Step 1: Mise en place. In other words, prep your ingredients. Read your recipe thoroughly. Rinse, chop, and measure all your ingredients ahead of time. 

Step 2: Saute mirepoix. Heat your pot over medium-high heat. Add your cooking fat and add your aromatics. Let your mirepoix “sweat” a bit, meaning let it cook until it is softened (onions are getting translucent) but not browned. 

Step 3: After mirepoix has sweated for a few minutes, add any spices, tomato paste, and hearty herbs (thyme, sage, rosemary). The fat will help release the flavor in spices. 

Step 4: Add your protein. This may mean adding dried lentils or sauteing crumbles.

Step 5: Add your cooking liquid, vegetables and grains. If the recipe calls for diced tomatoes or something like that, you would likely add them here. Bring to a boil and reduce to a simmer. Cook until everything is cooked through. 

Things to keep in mind when making stew:

  • Some vegetables (like frozen corn or spinach) and some grains (like pasta) may not get added until closer to the end of cooking.
  • Herbs, like cilantro and parsley, and seasonings like heavy cream and vinegars are usually not added until the end of cooking time. 
  • Remember to season as you go with salt and pepper to enhance flavor. 

How do you store vegan stew?

Vegan stew can be refrigerated for 3 to 4 days. Remember to let it cool down before putting it in the refrigerator. Stew can be frozen for up to six months.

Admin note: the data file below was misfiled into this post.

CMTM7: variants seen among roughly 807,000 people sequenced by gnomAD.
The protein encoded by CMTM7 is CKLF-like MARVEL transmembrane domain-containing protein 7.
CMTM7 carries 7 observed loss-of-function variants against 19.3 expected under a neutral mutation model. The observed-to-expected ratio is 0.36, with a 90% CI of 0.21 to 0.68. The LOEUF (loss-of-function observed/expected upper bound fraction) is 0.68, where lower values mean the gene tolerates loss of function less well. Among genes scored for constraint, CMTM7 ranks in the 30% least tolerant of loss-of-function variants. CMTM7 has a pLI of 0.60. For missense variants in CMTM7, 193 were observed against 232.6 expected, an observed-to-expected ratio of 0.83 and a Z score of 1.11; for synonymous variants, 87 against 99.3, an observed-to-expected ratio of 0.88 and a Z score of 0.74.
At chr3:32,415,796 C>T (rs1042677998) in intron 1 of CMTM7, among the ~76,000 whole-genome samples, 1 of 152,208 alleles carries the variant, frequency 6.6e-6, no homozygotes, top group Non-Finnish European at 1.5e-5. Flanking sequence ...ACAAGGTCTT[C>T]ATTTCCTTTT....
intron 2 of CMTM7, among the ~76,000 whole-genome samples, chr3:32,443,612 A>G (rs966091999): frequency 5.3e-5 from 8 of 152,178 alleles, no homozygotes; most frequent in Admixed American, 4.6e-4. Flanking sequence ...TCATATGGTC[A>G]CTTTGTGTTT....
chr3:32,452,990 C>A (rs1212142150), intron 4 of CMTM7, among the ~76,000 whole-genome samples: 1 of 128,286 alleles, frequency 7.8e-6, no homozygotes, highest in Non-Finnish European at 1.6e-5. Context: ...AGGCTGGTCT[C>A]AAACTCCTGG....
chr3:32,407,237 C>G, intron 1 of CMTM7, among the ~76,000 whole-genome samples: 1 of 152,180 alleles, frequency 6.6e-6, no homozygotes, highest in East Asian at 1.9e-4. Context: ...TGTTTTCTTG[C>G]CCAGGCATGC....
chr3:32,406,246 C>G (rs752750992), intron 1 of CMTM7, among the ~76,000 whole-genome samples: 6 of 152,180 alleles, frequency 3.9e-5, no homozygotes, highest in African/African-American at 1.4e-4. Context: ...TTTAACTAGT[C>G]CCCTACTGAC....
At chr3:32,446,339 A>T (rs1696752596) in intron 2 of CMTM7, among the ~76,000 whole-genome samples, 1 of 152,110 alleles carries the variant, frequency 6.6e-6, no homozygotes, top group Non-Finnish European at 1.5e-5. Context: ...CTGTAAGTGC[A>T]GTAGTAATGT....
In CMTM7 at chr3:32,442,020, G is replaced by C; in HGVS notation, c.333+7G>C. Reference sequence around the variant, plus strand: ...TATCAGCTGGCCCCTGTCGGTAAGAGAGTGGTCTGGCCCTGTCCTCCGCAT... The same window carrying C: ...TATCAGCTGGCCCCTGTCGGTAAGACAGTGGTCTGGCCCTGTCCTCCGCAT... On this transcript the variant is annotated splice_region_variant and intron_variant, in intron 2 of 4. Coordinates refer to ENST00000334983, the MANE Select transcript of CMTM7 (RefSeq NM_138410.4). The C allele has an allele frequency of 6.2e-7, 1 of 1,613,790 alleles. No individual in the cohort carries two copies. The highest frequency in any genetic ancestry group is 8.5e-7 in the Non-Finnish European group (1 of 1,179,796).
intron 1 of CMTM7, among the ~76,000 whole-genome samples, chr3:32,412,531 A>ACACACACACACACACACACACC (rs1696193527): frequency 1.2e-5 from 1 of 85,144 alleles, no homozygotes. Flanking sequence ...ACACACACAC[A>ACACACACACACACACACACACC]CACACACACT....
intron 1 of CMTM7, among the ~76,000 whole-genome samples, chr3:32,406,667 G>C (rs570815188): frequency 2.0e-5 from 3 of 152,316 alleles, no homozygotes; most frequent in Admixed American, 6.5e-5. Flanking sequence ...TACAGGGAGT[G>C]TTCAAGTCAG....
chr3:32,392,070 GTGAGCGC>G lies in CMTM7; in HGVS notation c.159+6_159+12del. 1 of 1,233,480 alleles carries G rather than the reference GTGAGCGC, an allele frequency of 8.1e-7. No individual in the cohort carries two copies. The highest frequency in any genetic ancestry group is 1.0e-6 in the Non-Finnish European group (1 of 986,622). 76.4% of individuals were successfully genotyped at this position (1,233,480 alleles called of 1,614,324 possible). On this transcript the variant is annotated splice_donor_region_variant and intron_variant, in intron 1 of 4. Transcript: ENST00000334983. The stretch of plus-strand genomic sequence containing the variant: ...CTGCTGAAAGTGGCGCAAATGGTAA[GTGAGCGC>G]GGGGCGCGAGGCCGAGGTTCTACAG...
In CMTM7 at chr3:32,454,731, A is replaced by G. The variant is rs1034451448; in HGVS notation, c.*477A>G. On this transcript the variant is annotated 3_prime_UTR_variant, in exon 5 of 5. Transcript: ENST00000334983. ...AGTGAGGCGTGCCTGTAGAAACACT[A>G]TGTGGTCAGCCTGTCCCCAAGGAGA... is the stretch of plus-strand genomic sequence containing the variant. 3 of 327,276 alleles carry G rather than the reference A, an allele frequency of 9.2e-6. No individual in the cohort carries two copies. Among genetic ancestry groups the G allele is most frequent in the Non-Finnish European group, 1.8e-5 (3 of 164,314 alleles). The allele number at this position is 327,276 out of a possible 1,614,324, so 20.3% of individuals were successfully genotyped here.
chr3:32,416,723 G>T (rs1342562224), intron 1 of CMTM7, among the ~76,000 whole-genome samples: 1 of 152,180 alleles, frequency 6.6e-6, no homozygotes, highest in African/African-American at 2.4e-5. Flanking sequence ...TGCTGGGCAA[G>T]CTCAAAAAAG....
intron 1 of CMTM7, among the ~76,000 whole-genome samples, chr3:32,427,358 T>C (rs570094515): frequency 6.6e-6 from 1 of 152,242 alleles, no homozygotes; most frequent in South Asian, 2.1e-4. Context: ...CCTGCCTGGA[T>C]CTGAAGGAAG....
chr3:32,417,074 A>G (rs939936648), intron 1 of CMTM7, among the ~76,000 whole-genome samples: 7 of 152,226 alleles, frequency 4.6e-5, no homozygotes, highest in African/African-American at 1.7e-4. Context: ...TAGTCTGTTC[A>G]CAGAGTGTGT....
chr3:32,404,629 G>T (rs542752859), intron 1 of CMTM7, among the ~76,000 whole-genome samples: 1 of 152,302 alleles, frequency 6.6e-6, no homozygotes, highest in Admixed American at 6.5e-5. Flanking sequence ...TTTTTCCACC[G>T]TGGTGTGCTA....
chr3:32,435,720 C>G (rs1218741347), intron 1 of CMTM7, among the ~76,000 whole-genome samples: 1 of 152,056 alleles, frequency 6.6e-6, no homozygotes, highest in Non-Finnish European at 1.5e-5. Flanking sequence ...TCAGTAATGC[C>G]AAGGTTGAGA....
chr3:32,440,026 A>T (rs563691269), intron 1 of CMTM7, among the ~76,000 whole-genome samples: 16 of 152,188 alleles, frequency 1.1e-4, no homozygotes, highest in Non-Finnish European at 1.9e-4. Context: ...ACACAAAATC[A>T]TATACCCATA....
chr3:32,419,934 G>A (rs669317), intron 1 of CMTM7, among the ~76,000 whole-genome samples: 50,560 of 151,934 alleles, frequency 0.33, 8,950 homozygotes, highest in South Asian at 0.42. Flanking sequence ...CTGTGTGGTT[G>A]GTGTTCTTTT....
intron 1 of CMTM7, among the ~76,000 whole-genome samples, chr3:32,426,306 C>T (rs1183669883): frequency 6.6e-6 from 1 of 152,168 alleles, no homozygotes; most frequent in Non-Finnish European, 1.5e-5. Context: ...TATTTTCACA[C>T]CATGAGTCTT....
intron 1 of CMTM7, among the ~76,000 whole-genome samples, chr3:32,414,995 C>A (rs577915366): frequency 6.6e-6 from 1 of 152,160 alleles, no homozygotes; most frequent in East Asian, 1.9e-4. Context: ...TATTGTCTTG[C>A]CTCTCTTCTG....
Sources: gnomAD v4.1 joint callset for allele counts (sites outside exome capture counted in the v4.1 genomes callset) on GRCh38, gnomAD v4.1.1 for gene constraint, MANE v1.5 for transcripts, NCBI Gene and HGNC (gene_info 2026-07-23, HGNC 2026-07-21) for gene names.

How do you reheat vegan stew?

I think the best way to reheat soup or stew is on the stovetop over medium-low heat. Add some water or stock if you need to. You can also microwave to reheat. If reheating from frozen, pop it into the fridge for a couple of hours to get the thaw off and then place frozen soup in pan over low-medium heat.

How do you adapt vegan stew for different dietary needs?

As I mentioned above, one of my favorite things about stew is that it is endless customizable from a flavor perspective 

To make vegan stew, gluten free, consider the following:

  • Opt for gluten-free alternatives to seasonings. For example, soy sauce is not gluten free. 
  • Use gluten free grains. Rice, quinoa, and even gluten-free pasta are good options.
  • Double check thickeners and bases. If your stew calls for a roux, make sure to use gluten free flour. Read the label on any soup bases and stocks to ensure they do not have gluten-containing ingredients.

To make vegan stew low FODMAP, consider the following: 

  • Try products that are specifically designed for low FODMAP diets, such as Fody Foods
  • Remember that many common foods in stews–garlic, onion, tomato, beans are not considered low FODMAP so you may have to make some adjustments.

What do you serve with vegan and vegetarian stew?

While vegan stew is definitely a hearty option, I often like to pair it with something else to make it even more filling. Here are a few ideas:

Crusty bread or rolls: either plain or topped with your favorite topping like with butter or mashed avocado.

Crackers: I love a hearty whole wheat cracker but any cracker you like works well. 

Salads: a well-dressed leafy green salad is a classic accompaniment to vegan stew

Sandwich: soup and sandwich make for a great lunch. 

Looking for more side ideas? Check out my article Dietitian-Approved Healthy Sandwich Sides.

Vegan Stew: 15 Dietitian Approved Recipes

Most of these recipes are inherently vegan, however, there are a couple that are vegetarian. They can be made vegan with simple swaps.

Thai Red Curry Vegetarian Soup With Sweet Potatoes and Chickpeas |
Thai Red Curry Soup is an easy vegetarian meal. Hearty with a bit of zest it is perfect on a cold winter night.
Check out this recipe